Casey Goodwin" />
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Saturday, September 30, 2023


Six-month moratorium good theory, ridiculous practice

On May 27, President Obama imposed a six-month moratorium on exploratory deep-water ocean drilling in the Gulf Coast. Obama meant to force the oil drilling industry to review and correct its obviously flawed system of safety measures. After all, the Gulf ecosystem may not be able to survive the hit if another oil spill follows so soon after the Deepwater Horizon disaster.

While the concept behind the moratorium was undeniably the right idea, the process itself is extremely questionable. Yes, it is clear from the Deepwater Horizon spill that something is desperately wrong with the drilling industry’s current precautionary standards. However, giving them the equivalent of a six-month time-out to think about what they did wrong is not the way to handle that problem.

Unlike your average misbehaving toddlers, the affected wells have tens of thousands of workers relying on them. The longer these people cannot work, the more likely they are to lose their jobs and join America’s unemployed.

This is not a desirable option in today’s economy—especially for an administration that has promised to create jobs, not destroy them.

This leads us to a basic conflict of interest. The men and women who work to support oilrigs each need to make a living. However, the environment also needs to be protected. We cannot risk another oil spill. Six months is not nearly enough time for the oil drilling industry to learn from its mistakes and create the best possible security measures.

There are masses of data to study and analyze before the total implications of the Deepwater Horizon disaster can be understood. Chances are that doing so will take years. Even after Obama’s moratorium ends on November 30, the full story of what caused the oil spill will remain unknown. The date Obama gave is nothing more than a shot in the dark, a symbolic attempt at keeping more oil from pouring into the ocean.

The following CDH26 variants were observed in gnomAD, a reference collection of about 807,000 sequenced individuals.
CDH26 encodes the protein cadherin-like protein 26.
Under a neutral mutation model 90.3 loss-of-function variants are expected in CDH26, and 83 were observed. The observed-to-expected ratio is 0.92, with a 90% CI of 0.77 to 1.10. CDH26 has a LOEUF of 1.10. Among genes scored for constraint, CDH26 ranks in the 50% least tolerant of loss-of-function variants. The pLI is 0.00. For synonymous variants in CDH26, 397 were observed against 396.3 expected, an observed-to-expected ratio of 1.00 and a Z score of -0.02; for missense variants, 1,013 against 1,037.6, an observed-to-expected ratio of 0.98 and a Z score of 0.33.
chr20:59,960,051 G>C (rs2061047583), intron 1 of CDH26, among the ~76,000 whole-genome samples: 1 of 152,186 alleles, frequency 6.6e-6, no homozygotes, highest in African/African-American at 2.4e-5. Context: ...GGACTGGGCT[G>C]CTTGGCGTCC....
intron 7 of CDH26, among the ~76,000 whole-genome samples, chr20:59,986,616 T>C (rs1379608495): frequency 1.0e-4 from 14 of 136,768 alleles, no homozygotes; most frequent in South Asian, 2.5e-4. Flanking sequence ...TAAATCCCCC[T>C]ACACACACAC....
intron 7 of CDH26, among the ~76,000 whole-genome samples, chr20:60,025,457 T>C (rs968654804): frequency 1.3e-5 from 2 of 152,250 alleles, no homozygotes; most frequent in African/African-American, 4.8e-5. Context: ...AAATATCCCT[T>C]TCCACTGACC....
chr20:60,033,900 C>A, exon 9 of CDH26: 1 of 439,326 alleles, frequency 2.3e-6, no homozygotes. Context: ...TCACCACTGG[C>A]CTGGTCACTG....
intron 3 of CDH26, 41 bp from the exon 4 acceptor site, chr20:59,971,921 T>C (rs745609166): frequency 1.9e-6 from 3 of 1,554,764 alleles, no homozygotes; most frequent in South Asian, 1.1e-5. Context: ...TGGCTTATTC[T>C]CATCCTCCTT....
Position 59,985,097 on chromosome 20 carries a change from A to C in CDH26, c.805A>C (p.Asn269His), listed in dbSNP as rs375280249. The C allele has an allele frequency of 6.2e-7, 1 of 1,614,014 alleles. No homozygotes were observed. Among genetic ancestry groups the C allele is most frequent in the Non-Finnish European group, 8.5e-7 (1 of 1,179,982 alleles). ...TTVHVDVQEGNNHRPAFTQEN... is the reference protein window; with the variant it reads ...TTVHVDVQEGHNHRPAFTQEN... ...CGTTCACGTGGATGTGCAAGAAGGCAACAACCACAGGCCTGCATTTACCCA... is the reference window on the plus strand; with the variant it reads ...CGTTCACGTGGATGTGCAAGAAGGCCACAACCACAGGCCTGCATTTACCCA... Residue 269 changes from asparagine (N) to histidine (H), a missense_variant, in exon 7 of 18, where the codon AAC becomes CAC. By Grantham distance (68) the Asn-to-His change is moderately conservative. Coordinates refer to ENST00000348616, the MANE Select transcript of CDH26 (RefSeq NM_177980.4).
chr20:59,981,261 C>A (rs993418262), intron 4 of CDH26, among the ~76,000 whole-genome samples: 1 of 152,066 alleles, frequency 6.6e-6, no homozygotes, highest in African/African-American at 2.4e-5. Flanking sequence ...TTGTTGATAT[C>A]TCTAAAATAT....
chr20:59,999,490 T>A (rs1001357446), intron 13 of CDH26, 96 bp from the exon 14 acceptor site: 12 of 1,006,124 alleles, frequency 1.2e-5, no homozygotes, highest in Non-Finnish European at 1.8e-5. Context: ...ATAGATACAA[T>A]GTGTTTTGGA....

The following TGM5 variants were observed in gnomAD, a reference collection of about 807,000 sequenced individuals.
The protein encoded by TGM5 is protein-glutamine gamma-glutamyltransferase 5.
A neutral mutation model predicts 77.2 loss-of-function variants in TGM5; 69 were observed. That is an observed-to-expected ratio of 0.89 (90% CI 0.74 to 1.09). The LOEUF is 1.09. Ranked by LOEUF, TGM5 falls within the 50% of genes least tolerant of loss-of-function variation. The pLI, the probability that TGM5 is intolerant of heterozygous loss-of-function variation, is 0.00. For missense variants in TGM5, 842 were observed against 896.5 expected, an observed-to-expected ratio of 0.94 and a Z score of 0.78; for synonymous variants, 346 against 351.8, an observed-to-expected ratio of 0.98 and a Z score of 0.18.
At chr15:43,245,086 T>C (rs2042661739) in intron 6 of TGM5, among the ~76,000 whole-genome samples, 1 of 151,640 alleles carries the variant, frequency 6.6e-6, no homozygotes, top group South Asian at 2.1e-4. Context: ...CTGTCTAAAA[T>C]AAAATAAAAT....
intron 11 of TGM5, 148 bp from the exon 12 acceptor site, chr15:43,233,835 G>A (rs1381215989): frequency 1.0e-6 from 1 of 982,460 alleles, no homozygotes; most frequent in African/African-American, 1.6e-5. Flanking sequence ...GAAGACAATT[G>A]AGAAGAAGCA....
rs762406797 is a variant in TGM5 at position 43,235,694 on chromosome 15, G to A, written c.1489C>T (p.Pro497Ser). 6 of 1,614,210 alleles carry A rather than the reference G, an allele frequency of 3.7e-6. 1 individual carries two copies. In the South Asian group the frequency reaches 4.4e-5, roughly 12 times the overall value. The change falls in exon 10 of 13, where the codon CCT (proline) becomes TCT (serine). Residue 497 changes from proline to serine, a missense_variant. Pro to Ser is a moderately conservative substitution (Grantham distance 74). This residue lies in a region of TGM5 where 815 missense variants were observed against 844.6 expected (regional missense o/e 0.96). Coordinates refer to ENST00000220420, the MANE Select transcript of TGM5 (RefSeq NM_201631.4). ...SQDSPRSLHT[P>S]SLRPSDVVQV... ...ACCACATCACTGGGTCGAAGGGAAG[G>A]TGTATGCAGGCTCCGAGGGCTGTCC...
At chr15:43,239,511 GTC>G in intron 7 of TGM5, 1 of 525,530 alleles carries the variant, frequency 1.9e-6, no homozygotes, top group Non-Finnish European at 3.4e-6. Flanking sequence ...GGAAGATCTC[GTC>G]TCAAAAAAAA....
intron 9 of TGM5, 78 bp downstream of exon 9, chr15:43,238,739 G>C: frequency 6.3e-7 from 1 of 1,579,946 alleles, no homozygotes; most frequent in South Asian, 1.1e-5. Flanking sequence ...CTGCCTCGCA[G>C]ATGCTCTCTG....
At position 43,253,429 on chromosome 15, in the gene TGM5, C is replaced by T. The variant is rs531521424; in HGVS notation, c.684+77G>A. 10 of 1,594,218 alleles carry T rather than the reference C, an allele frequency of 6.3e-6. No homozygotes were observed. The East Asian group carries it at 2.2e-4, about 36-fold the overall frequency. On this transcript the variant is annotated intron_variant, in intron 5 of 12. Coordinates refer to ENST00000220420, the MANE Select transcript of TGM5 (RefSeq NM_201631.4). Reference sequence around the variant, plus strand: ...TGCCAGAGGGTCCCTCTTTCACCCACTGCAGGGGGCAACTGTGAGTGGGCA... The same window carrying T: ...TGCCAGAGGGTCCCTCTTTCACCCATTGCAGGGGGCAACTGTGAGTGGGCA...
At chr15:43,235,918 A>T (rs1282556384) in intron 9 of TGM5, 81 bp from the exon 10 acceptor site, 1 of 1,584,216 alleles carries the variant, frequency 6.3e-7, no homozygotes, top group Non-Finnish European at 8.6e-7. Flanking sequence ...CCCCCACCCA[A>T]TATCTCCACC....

The most logical way to merge the two priorities—keeping people employed and not destroying ecosystems—would have been for a moratorium on each well to be placed not for six months but until its operators can present to Congress new, nearly paranoid safety measures that they will follow. This may have taken more than six months for some companies, but it would likely have taken less for most.

Everything that could possibly be a problem must be accounted for. Drillers cannot cut corners for any reason. If it looks like there is even a small chance that something might go wrong, drilling at the well must stop. Once more information is known about what caused the spill, these measures can be tweaked to comply with our developing understanding of what is and what is not safe.

These oilrigs are an important part of the economy. The ones that Obama’s moratorium closed down employed over 30,000 people in total. These individuals deserve be kept working as much as they can without risking the environment.

Casey Goodwin is a mechanical engineering sophomore and may be reached at [email protected]

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